ROBERT SIEGEL, HOST:
France is in a heated debate over middle school reform. The government wants to address growing inequalities in the education system, but traditionalists are up in arms. They say the reform plan will dumb down French schools. Here's NPR's Eleanor Beardsley.
ELEANOR BEARDSLEY, BYLINE: Reforming schools may not be easy in any country. But in France, where education is highly centralized and the public school a symbol of French greatness, it's all but impossible.
UNIDENTIFIED MAN: (Speaking French).
BEARDSLEY: Intellectuals have taken to the airwaves and teachers and students to the streets to denounce the government's latest attempts at reform. One of the most contentious elements is the plan to cut back on Latin and Greek, focusing instead on teaching a more lively history of ancient civilizations. That has touched a nerve, says former journalist Peter Gumbel, who is writing his second book on the French education system.
PETER GUMBEL: The fuss has come about because there are certain very elitist things that are being scratched at. All the Latin and Greek teachers and anybody who thinks of himself as a great intellectual is saying this is the end of civilization as we know it. And of course, it's not.
BEARDSLEY: Conservatives are up in arms about proposed changes to teaching history. Slavery and colonialism are to be emphasized while the study of the Enlightenment will be optional. Former education minister Luc Ferry called it an apologist curriculum.
LUC FERRY: (Through translator) Presenting European civilization through the lens of the slave trade and colonialism is scandalous.
BEARDSLEY: International studies show France has one of the highest dropout rates, with 1 in 5 kids leaving school with no qualifications. Author Gumbel says the French public school system is also deemed to be one of the world's most unequal.
GUMBEL: And that's very shocking for the French because they have this meritocratic belief in the vision that anybody, by sheer dint of their intellectual prowess, can rise to the top of French society. And of course, it doesn't work like that.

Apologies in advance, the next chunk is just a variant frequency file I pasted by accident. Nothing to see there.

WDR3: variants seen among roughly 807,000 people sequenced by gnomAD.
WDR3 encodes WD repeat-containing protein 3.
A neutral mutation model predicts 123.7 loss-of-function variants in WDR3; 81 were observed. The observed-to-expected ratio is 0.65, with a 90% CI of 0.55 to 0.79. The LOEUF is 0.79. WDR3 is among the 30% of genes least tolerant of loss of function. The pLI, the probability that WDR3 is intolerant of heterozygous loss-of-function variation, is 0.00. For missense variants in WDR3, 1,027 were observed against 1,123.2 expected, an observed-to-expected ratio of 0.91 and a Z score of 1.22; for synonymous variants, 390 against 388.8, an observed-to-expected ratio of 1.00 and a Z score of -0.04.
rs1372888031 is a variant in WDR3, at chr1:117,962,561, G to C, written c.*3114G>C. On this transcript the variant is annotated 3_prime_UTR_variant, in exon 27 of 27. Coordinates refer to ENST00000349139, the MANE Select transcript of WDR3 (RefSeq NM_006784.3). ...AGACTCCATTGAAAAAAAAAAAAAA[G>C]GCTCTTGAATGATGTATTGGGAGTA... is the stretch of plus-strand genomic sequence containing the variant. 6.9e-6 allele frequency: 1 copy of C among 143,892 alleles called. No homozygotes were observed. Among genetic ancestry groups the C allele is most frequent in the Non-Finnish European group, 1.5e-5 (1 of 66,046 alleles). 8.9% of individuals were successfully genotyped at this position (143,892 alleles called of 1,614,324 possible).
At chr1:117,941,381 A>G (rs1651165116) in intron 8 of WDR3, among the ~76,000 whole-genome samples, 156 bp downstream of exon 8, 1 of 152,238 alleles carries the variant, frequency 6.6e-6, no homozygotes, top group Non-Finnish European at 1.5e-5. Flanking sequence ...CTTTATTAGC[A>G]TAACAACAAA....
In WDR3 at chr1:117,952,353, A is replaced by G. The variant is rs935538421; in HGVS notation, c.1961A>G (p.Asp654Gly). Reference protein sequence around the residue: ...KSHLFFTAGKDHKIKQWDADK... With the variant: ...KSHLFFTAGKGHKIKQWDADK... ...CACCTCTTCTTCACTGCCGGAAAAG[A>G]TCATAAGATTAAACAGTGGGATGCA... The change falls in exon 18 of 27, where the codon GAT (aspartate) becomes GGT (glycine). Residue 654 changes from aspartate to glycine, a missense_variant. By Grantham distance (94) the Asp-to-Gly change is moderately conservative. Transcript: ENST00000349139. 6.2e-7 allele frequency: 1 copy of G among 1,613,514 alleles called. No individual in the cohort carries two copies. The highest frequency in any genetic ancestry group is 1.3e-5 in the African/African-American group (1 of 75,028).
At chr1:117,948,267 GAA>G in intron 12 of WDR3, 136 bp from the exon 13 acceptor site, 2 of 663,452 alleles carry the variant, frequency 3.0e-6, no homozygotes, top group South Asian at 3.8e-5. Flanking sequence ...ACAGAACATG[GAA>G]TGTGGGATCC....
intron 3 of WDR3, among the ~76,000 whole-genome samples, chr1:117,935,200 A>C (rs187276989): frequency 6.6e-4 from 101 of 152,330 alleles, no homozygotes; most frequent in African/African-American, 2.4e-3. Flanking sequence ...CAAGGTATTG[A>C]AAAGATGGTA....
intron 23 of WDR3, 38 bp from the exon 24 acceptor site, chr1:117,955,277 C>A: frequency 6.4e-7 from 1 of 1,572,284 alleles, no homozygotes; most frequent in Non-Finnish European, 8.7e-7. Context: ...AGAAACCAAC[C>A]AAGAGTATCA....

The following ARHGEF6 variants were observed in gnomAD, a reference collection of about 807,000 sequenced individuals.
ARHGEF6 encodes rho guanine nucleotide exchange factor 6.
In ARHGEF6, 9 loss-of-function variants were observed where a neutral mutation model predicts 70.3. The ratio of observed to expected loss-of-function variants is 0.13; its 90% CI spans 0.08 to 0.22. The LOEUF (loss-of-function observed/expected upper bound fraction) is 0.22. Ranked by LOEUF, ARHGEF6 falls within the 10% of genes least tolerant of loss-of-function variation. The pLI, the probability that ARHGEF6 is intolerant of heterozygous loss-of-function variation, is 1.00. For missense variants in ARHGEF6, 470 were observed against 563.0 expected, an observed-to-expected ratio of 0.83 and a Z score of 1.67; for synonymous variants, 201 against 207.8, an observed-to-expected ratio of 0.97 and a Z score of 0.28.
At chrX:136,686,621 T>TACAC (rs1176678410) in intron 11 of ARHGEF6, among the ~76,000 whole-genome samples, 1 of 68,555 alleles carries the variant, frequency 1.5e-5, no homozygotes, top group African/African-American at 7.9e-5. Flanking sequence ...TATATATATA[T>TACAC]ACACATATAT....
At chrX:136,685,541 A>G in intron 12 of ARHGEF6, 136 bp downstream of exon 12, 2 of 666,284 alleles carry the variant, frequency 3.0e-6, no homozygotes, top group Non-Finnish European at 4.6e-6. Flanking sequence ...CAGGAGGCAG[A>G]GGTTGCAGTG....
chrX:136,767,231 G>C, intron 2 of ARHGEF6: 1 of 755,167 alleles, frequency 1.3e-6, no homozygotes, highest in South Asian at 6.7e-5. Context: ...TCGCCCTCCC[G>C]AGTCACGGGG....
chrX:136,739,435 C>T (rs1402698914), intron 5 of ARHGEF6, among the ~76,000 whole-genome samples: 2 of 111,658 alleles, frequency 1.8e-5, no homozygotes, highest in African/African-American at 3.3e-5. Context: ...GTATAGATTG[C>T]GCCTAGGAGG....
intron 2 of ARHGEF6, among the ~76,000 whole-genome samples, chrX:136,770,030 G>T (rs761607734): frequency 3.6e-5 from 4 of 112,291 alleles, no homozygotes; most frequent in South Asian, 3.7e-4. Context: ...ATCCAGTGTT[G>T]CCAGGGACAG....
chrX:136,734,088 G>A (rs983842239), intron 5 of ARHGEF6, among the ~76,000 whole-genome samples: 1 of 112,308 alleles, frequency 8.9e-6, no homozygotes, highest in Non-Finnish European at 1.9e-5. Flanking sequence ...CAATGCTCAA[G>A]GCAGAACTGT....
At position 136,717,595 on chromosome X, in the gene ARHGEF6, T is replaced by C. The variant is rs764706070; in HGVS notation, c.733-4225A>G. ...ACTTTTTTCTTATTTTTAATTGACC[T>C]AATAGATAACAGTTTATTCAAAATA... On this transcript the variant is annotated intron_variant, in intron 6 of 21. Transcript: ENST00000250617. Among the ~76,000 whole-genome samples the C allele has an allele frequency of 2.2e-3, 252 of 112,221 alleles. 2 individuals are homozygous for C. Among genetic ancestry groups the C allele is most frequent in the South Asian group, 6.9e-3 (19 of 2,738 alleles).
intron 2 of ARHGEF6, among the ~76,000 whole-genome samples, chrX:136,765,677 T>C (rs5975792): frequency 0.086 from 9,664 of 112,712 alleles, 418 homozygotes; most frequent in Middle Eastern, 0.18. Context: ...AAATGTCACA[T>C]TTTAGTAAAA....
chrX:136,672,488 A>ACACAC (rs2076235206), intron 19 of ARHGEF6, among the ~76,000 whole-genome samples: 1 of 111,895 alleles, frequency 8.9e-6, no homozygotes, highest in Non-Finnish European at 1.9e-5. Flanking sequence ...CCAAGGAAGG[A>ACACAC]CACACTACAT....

BEARDSLEY: Back at the protest, 65-year-old Odile Nicolas says she's demonstrating for her granddaughter who will start middle school next year.
ODILE NICOLAS: (Speaking French).
BEARDSLEY: "Dumbing school down is not the way to go," she says. "Children from disadvantaged families should be pulled up to succeed in their lives and not the other way around."
Many marchers at the demonstration carry German flags. They fear the study of German will diminish if the reform does away with special bilingual classes for particularly talented students. It's not just the protestors who are worried. The German chancellor even called the president of France to voice her concern. Max Maldacker, a minister at the German embassy in Paris, says the bilingual are enshrined in a friendship treaty between the two nations that ended the hostility and founded the basis for the European Union.
MAX MALDACKER: On the long run, should German be in a dramatic decline in France, that would certainly not help, either, the status of the French language in Germany.
BEARDSLEY: Maldacker says it's crucial that French and German children learn each other's language to ensure a peaceful and prosperous future for Europe. Eleanor Beardsley, NPR News, Paris.
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